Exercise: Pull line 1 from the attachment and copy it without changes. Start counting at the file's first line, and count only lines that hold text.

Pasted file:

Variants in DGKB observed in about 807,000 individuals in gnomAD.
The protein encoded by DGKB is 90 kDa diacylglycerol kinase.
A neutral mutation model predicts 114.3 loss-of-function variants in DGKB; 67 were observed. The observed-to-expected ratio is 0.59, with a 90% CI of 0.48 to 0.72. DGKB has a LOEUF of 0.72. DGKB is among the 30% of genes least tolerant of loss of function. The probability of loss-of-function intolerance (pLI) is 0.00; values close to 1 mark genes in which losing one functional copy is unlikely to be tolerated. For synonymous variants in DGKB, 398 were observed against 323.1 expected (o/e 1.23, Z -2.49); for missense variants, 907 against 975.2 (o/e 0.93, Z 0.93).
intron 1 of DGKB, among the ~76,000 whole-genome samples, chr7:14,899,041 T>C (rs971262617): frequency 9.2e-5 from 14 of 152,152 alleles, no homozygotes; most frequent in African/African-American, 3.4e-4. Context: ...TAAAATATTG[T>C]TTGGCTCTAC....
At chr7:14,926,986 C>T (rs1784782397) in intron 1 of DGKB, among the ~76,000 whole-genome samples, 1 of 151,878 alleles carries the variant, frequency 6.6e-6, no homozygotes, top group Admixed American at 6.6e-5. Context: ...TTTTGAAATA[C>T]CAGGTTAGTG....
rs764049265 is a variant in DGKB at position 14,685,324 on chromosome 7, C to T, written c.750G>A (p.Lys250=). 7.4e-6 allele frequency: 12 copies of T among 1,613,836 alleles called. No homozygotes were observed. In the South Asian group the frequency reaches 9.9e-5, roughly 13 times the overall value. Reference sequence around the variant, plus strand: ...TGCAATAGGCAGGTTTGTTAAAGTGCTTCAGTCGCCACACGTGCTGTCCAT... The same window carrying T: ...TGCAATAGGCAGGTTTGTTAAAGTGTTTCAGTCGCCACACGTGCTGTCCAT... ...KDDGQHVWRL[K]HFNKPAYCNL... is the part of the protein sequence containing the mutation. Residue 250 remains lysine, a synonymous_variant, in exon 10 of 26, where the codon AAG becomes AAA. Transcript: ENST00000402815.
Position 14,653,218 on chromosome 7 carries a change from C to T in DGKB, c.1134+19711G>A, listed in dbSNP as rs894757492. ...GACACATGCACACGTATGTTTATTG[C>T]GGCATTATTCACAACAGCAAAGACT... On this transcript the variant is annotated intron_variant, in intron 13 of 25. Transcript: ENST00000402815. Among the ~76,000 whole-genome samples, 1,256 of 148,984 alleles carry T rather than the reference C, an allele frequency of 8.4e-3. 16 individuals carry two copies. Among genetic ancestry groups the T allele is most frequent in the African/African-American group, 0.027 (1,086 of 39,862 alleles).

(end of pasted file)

Variants in DGKB observed in about 807,000 individuals in gnomAD.